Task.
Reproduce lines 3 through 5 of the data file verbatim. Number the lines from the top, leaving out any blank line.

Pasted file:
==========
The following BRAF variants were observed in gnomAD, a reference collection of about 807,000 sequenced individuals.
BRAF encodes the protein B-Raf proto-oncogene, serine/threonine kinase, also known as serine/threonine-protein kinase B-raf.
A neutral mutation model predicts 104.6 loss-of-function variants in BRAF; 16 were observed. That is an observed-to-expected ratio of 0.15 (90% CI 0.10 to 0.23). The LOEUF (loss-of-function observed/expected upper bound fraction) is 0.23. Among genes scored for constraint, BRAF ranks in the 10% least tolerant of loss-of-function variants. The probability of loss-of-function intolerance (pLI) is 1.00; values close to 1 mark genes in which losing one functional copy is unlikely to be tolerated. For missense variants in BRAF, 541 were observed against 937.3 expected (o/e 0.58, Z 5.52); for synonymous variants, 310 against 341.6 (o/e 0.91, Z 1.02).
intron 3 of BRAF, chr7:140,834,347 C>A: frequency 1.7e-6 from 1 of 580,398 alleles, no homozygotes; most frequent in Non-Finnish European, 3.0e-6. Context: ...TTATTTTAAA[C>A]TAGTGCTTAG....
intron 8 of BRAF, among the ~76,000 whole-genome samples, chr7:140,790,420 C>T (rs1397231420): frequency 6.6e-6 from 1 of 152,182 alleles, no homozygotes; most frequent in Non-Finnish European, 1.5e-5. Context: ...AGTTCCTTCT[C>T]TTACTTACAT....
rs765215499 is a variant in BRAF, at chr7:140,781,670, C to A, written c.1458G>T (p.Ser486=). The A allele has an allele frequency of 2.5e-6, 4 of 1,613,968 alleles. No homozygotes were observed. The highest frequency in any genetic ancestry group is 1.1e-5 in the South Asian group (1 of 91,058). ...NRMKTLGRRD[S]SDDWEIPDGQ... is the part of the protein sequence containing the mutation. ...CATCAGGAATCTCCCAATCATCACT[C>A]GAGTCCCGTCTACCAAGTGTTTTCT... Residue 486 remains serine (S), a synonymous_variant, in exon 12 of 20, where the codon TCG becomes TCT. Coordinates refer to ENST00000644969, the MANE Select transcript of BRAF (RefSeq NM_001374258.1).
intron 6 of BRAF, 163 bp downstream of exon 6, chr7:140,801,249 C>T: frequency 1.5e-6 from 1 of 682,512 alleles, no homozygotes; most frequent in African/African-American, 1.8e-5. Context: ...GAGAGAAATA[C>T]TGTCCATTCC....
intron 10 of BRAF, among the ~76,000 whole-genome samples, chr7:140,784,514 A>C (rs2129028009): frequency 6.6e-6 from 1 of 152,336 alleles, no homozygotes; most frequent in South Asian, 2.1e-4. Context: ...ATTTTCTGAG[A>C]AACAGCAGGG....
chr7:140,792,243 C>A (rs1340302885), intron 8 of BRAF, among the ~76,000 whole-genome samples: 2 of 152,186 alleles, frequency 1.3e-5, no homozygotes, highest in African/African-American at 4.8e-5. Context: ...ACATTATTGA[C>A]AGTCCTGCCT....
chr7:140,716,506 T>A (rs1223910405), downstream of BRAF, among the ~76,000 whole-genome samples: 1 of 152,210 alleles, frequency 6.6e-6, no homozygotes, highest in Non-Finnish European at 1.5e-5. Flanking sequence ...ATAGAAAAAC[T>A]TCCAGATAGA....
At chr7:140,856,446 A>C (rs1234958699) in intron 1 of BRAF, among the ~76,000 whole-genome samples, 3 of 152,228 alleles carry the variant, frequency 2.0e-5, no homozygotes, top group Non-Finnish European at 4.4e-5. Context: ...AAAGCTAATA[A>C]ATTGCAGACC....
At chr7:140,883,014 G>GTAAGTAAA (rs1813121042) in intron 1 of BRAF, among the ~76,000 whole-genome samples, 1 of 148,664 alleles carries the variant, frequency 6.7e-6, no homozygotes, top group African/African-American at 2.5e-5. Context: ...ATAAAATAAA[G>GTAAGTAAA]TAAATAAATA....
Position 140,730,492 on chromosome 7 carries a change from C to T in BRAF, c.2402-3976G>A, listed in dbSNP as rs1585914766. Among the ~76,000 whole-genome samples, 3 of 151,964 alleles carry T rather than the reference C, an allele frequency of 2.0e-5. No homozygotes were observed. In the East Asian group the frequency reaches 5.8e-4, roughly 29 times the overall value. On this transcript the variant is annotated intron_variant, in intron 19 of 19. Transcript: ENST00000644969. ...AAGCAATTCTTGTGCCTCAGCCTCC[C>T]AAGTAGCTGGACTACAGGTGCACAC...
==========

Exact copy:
A neutral mutation model predicts 104.6 loss-of-function variants in BRAF; 16 were observed. That is an observed-to-expected ratio of 0.15 (90% CI 0.10 to 0.23). The LOEUF (loss-of-function observed/expected upper bound fraction) is 0.23. Among genes scored for constraint, BRAF ranks in the 10% least tolerant of loss-of-function variants. The probability of loss-of-function intolerance (pLI) is 1.00; values close to 1 mark genes in which losing one functional copy is unlikely to be tolerated. For missense variants in BRAF, 541 were observed against 937.3 expected (o/e 0.58, Z 5.52); for synonymous variants, 310 against 341.6 (o/e 0.91, Z 1.02).
intron 3 of BRAF, chr7:140,834,347 C>A: frequency 1.7e-6 from 1 of 580,398 alleles, no homozygotes; most frequent in Non-Finnish European, 3.0e-6. Context: ...TTATTTTAAA[C>A]TAGTGCTTAG....
intron 8 of BRAF, among the ~76,000 whole-genome samples, chr7:140,790,420 C>T (rs1397231420): frequency 6.6e-6 from 1 of 152,182 alleles, no homozygotes; most frequent in Non-Finnish European, 1.5e-5. Context: ...AGTTCCTTCT[C>T]TTACTTACAT....